Apparently, there is already a “carbon bill” already before the legislature.
Several lawmakers say a proposal to cap carbon emissions -- possibly the nation's toughest plan to reduce greenhouse gases blamed for global warming -- stands to become the most ambitious bill of the General Assembly session…
The carbon bill, endorsed by a task force set up by Gov. Martin O'Malley, would call for carbon reductions of 25 percent by 2020 and 90 percent by 2050. If approved, the goals would be the nation's strongest carbon reduction plans…
"I think the environment's going to loom large in this session," said House Democratic Leader Kumar Barve, who worked on O'Malley's global warming task force and plans to back the carbon caps. A carbon cap bill was considered last year by lawmakers, but they didn't approve it. This year, environmentalists and several lawmakers say the cap should pass, likely with a backing from the governor.
"If you talked to me three or four years ago, anything about climate change solutions, I'd say it's tooth and nail. But now, I'm very, very optimistic this bill is going to pass," said Mike Tidwell, director of the Chesapeake Climate Action Network, a Takoma Park-based group that focuses on global warming.
The specifics of the bill are unknown because bills for the 2008 session are not available on the General Assembly website.
However, going by the MCCC Mitigation Working Group’s Interim Report, the methods for reaching those reductions are: a cap and trade scheme for carbon dioxide, which builds off of last year’s deceptively named Global Warming Solutions Act. Maggie McIntosh chair of the House Environmental Matters Committee was so invested in the bill that she made the whole committee view An Inconvenient Truth. I wonder if she provided the committee members with the film’s documented convenient fictions, but I digress.
Note the last bullet point on the bottom of the slide on page 12 of the pdf. Any cap and trade scheme would require significant resources (an understatement) to create a new level of bureaucracy to manage the Cap and trade scheme. How do they propose to do generate the said significant resources: with a self-sustaining fee system, which is Newspeak for a tax.
Cap and trade schemes are exactly that, a scheme, nothing more. It is means for rent seeking utility companies to rake in windfall profits while burnishing their “green” credentials. Across the Atlantic, many EU members cannot meet their emission reduction goals through Kyoto’s vaunted cap and trade scheme. In fact, European Co2 emissions rose faster than US emissions during 2000-2004. Also, the Financial Times noted, cap and trade schemes create a muddle without any real benefit (it that is your goal) of reducing Co2 emissions. FT prefers a straight carbon tax, but they also admit, what the green’s don not, that both carbon taxes and cap and trade markets unduly burden the poor. However, governments prefer the hidden costs in artificial carbon markets because they are more politically feasible than a straight carbon tax. I’m not sure that is the case in Maryland given the governor and the legislature’s propensity for new taxes.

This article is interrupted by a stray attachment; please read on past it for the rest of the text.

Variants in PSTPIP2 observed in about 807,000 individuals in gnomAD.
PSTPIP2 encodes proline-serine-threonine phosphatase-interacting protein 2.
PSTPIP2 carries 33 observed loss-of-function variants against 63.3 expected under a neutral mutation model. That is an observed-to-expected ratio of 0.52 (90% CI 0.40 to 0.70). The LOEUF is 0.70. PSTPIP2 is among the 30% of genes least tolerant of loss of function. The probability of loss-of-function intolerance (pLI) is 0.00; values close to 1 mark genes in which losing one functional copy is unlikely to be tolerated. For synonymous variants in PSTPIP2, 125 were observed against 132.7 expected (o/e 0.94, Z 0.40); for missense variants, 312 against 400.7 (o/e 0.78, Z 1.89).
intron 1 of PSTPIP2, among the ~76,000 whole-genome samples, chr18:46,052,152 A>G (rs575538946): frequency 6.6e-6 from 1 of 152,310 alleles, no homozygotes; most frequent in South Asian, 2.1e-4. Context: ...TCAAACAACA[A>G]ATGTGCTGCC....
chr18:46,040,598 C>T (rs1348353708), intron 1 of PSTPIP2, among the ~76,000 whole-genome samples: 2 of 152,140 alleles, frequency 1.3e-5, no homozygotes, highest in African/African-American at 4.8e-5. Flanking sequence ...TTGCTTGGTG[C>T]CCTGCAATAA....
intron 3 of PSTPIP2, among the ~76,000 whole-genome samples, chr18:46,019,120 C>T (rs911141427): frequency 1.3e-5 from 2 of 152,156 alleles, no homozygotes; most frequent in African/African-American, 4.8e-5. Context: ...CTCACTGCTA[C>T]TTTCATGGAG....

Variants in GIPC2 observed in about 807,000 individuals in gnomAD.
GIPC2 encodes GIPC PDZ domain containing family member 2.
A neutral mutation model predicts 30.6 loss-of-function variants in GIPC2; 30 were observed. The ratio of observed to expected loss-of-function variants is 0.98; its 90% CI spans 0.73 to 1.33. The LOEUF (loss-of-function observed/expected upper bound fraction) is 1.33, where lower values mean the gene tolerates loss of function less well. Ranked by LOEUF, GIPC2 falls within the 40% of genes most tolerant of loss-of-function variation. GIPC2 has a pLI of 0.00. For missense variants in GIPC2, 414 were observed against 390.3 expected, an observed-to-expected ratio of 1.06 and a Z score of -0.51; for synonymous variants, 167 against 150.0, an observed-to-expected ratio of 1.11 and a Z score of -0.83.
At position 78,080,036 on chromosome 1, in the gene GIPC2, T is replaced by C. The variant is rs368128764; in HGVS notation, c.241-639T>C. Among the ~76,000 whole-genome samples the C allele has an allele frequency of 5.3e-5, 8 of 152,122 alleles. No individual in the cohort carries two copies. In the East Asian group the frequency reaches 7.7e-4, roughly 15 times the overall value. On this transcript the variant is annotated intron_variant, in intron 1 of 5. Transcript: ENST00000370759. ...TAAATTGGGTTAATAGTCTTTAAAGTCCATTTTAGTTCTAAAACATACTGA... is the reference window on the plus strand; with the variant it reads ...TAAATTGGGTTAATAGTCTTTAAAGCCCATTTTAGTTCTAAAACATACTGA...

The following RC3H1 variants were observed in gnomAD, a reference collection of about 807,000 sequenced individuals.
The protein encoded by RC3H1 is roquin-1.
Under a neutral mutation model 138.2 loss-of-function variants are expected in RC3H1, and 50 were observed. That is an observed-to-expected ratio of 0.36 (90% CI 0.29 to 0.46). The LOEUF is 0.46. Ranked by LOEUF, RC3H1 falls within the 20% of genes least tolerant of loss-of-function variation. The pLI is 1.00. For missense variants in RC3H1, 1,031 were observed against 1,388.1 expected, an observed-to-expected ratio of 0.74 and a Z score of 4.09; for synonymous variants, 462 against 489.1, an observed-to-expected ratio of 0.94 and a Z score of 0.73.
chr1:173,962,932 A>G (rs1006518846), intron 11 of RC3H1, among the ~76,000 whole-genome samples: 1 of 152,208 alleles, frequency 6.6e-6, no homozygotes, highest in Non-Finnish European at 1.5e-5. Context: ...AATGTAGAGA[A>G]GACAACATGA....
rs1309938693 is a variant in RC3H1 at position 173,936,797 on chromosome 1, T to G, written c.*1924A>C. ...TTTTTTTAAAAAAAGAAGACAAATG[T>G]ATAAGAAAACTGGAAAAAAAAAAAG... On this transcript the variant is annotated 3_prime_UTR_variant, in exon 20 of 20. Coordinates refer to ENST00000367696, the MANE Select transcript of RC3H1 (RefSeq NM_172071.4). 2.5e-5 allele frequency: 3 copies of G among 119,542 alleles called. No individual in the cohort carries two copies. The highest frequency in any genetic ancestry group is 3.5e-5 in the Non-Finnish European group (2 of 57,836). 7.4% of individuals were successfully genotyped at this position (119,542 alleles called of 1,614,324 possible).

Other MCCC legislative initiatives include:
Carbon taxes (just in case the lumpen proles catch on to the cap and trade boondoggle).
Raise renewable portfolio standards (RPS) requirements. RPS are government mandates for utility companies to buy a certain percentage of its energy from wind and solar sources, which are extremely expensive. Guess who pays the extra costs!
Demand side management (DSM) fees for energy users. DSM fees are additional user fees for consumers.
Transportation fuel tax. MCCC recommends that emission reductions be taken into consideration in any gas tax discussions. Take a guess where that one is going.
Pay as You Drive (PAYD) Auto Insurance programs. PAYD programs connects insurance policies to mileage driven by converting part of your premium into a per mile fee on your policy.
Governor O’Malley won election, in part, based on the perception that he was looking out Maryland’s working families as evidenced by his flogging the unavoidable BGE rate hike as a campaign issue. Through the MCCC, O’Malley has now positioned himself to be perceived as a leader on climate change and the fight against global warming. However, the MCCC proposals, with their added energy and insurance costs, are quite obviously detrimental to working families.
This begs the question; do O’Malley and the Democrat monopoly care more about supposedly saving the planet from a non-existent threat or acting on behalf of working families?